Thus, the networking process started in the salons, where people gathered regularly. Social scientists have pointed out that at the basis of any network lie trust, solidarity and common values. In order to create a network, it is necessary to maintain contact with people over an extensive period of time, during which one gains trust and develops the common identity mentioned above. The salon easily created a network of people, since its members took the time to gather regularly. Indeed, for people like Jean François Marmontel, devoting a weekly amount of time to the salon was not an effort, but a pleasure. Marmontel notes in his mémoires that he dined in the salons at least two or three times a week : “vous devez comprendre combien il etoit doux pour moi de faire, deux ou trois fois par semaine, d’excellents diners en aussi bonne compagnie’’.[7] Thus, for our author, being a member of the salons and devoting time to them was not burden, but bliss, since only there could he enjoy the presence of people that he considered virtuous and intelligent, worthy of the name bonne companie.  

However, apart from spending time together, the members of the salon and network also had to share values and trust. Marmontel refers to Mme Geoffrin’s salon as a place where he spent time with the people he loved, his friends: “cheri de ceux qui m’estimois le plus et que j’aimois le plus moi-meme”.[8] What Marmontel suggests in saying this is the reciprocity of feelings that members of the salons gradually came to share. Marmontel’s remark applies not only to the relationship between Madame du Deffand and Horace Walpole, between Madame Geoffrin and Fontenelle, or between Madame d’Epinay and her “five bears”, Grimm, Rousseau, Desmoulins and Gauffecourt,[9] but also to numerous other examples of people who formed friendships in the salon and who respected and loved one another. Thus, what the salon did was create friendships, trust and connections that gradually transformed into a network that surpassed the limits of the salon itself.

Moreover, it is important to understand that the networking was an open process, as new people were constantly integrated. Steven Kale points out that the salons (and this could easily be extended to the network as well) were exclusivist, but open simultaneously, since they emphasized their distinctiveness, but social cohesion as well. [10] Established members of the salon constantly introduced potential members. For instance, l’abbé Morellet in his mémoires describes how he presented his niece to society: “elle fut bientôt appréciée ce qu’elle valait par une société spirituelle (…) tous les acquirent et l’aimèrent (…). Ces amitiés formées par elle dans le plus jeune age ne se sont jamais démenties et je n’étonne pas qu’elle ait trouve des amis fidèles.” [11] This quote suggests that for Morellet the most important thing that he can do for his niece is provide good friends, and the integration in the salon and in the elite network. Interestingly enough, Morellet uses the expression “societe spirituelle”, which has double meaning in French, as it simultaneously refers to its gaiety and irony and to its spiritual and intellectual virtues. Thus, l’abbé believed that, by frequenting this type of group from since youth, his niece would shape her natural intellectual gifts, while developing good friendships that would confirm their value in time.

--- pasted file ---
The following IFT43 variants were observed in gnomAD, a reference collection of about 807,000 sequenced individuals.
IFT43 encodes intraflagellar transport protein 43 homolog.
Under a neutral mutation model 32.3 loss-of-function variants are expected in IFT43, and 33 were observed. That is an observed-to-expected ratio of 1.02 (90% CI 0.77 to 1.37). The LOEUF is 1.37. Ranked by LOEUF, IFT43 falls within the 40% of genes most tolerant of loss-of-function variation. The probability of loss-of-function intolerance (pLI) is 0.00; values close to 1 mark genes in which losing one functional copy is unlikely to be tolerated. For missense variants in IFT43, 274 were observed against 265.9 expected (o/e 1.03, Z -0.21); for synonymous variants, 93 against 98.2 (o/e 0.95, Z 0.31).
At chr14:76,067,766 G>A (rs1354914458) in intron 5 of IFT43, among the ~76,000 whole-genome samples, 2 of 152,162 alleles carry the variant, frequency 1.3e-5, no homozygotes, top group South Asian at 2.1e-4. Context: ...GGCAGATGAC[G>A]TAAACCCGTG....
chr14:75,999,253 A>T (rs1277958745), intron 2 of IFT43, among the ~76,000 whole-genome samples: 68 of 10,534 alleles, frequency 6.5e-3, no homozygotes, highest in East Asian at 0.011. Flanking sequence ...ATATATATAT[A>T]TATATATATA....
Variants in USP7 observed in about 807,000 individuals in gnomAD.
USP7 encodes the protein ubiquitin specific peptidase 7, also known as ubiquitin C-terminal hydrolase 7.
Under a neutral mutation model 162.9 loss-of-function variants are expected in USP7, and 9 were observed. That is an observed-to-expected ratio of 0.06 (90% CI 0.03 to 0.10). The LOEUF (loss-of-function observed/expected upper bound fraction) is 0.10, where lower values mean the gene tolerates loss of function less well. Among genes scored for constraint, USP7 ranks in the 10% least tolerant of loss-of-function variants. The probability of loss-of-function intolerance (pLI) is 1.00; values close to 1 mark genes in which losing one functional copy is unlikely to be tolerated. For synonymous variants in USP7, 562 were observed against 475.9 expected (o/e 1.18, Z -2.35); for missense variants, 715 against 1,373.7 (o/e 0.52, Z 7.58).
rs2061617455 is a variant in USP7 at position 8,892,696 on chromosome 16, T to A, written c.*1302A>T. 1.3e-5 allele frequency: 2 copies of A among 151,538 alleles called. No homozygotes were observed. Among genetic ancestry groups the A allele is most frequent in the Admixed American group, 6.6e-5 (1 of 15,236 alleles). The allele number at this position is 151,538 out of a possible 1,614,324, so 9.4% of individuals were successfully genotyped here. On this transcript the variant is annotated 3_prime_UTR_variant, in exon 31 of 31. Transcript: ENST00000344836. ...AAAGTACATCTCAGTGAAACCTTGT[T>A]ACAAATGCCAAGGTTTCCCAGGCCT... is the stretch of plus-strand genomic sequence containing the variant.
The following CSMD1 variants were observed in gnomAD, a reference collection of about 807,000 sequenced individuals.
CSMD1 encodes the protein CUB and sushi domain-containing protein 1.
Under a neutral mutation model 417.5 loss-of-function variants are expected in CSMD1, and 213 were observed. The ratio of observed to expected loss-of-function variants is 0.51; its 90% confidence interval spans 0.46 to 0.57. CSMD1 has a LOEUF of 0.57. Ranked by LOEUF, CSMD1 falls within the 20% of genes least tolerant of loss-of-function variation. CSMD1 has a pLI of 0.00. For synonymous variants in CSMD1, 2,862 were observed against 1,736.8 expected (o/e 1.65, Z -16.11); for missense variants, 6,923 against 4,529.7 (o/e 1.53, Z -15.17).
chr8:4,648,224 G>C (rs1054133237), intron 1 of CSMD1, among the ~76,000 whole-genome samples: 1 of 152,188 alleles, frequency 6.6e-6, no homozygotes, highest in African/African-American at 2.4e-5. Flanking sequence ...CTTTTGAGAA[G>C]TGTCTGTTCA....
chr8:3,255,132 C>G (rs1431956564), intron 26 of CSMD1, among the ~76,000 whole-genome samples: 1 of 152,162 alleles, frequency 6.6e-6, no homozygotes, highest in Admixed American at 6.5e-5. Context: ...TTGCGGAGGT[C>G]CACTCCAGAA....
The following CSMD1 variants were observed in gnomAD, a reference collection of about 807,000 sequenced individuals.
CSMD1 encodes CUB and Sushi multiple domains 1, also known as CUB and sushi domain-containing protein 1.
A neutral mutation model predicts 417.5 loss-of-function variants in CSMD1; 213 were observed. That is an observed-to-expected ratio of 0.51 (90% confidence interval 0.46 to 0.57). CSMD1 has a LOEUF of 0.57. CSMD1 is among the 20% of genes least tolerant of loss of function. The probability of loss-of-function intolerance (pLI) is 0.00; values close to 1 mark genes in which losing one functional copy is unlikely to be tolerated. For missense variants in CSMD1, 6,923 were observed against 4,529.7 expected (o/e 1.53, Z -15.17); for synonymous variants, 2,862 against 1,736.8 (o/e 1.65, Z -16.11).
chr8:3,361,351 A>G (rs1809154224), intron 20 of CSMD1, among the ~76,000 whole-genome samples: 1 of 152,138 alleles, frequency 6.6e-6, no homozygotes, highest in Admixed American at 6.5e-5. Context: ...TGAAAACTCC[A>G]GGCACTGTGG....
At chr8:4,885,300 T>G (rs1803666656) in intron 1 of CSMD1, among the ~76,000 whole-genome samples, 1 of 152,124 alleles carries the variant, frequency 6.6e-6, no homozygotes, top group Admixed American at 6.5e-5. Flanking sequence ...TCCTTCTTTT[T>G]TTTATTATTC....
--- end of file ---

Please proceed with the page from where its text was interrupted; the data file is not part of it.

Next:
However, it was not enough to be introduced to a “spiritual society” to become part of the networking system or the salon: the salonnieres were the ones who established whether or not someone was allowed in the salons. Indeed, the salonnieres were constantly searching for established or new artistes and intellectuals whom they could bring to the network. Thus, meeting people with potential was more than pleasant to them. In one of her letters, Madame Du Deffand tells Horace Walpole how a certain Mister Harcourt had introduced to her the Miller family: “ce fut Milord Harcourt qui m’amena les Millers”[12]. She subsequently mentions: “Je suis convaincue que je connais les plus aimable de votre nation, et qu’aucune autre ne leur ressemble”.[13] For Madame du Deffand’s and the best of the salonnieres, it was inconceivable to be in contact with anyone but the elite of any country. Today the Millers are virtually unknown, as is Milord Harcourt. However, to Madame du Deffand, these people possessed the qualities necessary to become part of the network.

Moreover, madame du Deffand’s statement brings us to another aspect of the network and of the salon: their selectivity. If the French society was based on hierarchy, on class exclusivity, the salon promoted an intellectual type of exclusivity. Although an open process, the Enlightenment network was highly selective and it only accepted people of merit, who had distinguished themselves through their moral values and their creations or who had the potential to do so. For instance, when mentioning his niece, l’abbé Morellet emphasizes her unique qualities : “ je trouvais en elle tout ce que je pouvais désirer, une ame sensible, un esprit naturel, droit, piquant, toujours animé et toujours agréable’’.[14] As one can observe, the qualities of the young girl were in perfect accordance to those the “société spirituelle”, understood as both spiritual and gay: she is natural and pleasant, but also “picant”, that is ironic and witty.  Thus, she is a potential member of the network. And Indeed, Morellet is very clear in pointing out the fact that that only because of her notable qualities was she introduced to society and included in this network.